Extended Inland Trout Season; Does it really matter?

With the recent DNR activity and voting up in Wisconsin, I wanted to reach out to one of the guys most in the know up there, and one of the best guides in the Driftless I know - Kyle Zempel, lead guide with Black Earth Angling.  A totally fishy dude, with a great eye and a great understanding of the environmental and how we impact it.  

(Write up courtesy of Kyle Zempel, of Black Earth Angling and Kyle Zempel Photography)


As of January 1st, 2016 Wisconsin's inland trout season will be 2.5 months longer, will it make a difference?

Currently, Wisconsin's inland trout season is as follows:

Catch and release (early season): 1st Saturday in March to the Sunday preceding the first Saturday in May.

**Season closes for one week before the regular season begins.

Regular Season: First Saturday in May to September 30th.

What will the new rules in effect as of January 1, 2016 look like?

Catch and Release (early season) will open on January 1st and remain open until the regular season opens on the first Saturday in May. There will be no week closure before the regular season opener. The regular season opener (first Saturday in May) will mark the day that folks who would like to bring a trout home with them can do so. The regular season will run from the first Saturday in May until October 15th (instead of Sept. 30th).

To sum that up, it will look as follows:

As of January 1, 2016:

Catch and release (early season): January 1, 2016 to the Friday before the first Saturday in May.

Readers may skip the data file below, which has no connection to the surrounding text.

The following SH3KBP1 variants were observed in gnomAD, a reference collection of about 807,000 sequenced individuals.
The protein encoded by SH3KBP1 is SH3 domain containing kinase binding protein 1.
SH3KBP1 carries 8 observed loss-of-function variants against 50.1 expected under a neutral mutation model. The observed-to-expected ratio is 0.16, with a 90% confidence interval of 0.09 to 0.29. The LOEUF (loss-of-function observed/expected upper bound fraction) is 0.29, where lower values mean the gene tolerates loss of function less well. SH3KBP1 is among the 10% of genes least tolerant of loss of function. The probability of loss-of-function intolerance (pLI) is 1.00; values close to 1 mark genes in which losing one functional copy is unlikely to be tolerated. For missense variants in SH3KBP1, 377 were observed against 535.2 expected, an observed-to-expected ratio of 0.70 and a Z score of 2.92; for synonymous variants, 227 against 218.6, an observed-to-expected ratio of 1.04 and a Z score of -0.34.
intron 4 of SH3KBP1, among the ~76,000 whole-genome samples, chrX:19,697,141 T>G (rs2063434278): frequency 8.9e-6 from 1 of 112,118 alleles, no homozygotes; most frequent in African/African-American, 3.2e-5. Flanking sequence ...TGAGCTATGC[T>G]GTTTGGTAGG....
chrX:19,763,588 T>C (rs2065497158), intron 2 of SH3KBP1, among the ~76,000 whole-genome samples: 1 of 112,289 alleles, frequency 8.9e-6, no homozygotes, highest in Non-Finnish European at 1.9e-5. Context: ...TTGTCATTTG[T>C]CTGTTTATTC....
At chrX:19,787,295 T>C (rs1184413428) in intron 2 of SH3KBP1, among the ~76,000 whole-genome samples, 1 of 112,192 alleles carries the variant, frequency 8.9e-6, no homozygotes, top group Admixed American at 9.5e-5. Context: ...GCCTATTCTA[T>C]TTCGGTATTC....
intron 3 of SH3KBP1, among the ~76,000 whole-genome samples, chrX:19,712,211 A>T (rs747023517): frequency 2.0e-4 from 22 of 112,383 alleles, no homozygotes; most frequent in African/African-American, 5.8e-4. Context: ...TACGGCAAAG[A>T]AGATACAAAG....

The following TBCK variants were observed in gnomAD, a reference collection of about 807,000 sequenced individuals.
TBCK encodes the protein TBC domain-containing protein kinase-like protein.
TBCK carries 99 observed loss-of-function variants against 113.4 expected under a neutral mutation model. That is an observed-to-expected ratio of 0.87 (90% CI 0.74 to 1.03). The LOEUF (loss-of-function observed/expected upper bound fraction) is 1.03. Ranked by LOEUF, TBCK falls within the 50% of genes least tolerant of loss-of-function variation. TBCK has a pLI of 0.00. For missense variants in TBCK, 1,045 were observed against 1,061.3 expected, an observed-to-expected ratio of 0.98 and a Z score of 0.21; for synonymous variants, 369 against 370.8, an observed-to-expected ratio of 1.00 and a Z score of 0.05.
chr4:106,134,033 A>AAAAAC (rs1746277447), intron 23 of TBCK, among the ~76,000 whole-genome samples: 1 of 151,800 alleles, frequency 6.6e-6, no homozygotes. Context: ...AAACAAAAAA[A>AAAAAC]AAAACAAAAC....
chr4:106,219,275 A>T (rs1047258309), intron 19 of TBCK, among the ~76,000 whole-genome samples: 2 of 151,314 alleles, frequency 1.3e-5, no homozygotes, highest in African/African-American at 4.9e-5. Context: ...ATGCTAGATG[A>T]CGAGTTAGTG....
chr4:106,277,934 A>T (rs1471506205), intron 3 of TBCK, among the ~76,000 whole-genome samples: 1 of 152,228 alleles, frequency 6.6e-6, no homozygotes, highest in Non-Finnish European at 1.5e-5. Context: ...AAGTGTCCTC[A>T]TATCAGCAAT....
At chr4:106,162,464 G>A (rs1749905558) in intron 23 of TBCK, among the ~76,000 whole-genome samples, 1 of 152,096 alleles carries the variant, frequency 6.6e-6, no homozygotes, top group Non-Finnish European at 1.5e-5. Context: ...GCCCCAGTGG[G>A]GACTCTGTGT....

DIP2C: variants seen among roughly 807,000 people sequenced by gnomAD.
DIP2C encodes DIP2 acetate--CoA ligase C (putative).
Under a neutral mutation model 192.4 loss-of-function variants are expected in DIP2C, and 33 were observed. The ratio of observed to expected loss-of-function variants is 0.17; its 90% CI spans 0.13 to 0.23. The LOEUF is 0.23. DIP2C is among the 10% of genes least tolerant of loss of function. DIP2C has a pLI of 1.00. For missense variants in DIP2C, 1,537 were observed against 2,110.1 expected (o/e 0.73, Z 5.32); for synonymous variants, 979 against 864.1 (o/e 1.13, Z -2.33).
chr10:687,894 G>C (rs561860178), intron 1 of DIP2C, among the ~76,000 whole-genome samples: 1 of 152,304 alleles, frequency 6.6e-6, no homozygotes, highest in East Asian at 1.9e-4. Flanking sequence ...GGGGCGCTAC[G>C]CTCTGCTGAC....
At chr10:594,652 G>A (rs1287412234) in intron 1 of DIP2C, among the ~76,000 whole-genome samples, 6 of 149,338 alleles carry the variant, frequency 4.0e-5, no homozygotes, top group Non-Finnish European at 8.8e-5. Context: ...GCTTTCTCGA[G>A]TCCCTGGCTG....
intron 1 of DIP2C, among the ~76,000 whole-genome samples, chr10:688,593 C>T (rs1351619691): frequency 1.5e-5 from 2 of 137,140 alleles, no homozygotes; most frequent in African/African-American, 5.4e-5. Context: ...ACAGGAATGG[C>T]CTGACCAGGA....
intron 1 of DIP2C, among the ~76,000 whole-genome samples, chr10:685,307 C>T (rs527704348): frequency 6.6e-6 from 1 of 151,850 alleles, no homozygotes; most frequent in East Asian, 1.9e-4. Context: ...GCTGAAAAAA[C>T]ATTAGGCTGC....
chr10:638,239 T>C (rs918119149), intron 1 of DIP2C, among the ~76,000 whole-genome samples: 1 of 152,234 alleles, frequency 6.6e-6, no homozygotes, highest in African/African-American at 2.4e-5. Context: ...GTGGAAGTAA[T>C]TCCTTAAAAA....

Regular (Catch and Release not required): First Saturday in May to October 15th

The regulations regarding bag limits will also be receiving a change. The regulations will be simplified. As of 2016, a stream will no longer have multiple regulations per stream. The stream will either be all RED, YELLOW, or GREEN in the regulations booklet. This is to simplify the regulations for those who plan to take fish home. 

The BIG question is will it really change anything? My answer is YES!!

To the common individual, being able to fish in January and February doesn't mean much as they will likely not tough out the cold. Many trout fishermen are an exception to this, they are not the common individual. Yes, for many folks this early extension to the season will not change anything because they don't knock the dust off their rod until late-April, but for some fisherman who struggle through the winter months waiting for the season to open so that they can “wet a line” this is great news. I have no doubts that there will be some individuals that will get out multiple times before March hits. I am one of them. When you hit a mild winter day, it is often just enough to get out and cast. Catching a trout is a bonus. While out doing some pre-season scouting I have witnessed fish rising to some really nice midge hatches and thought to myself “Wow, if only I could wet a line.” Now those of us who may struggle from seasonal depression can get out and heal our minds. We must keep in mind that angling isn't always about catching a fish, but getting out and recreating. The new season extension will now allow for the die-hards to get out and recreate instead of sitting in front of our computer/television screens.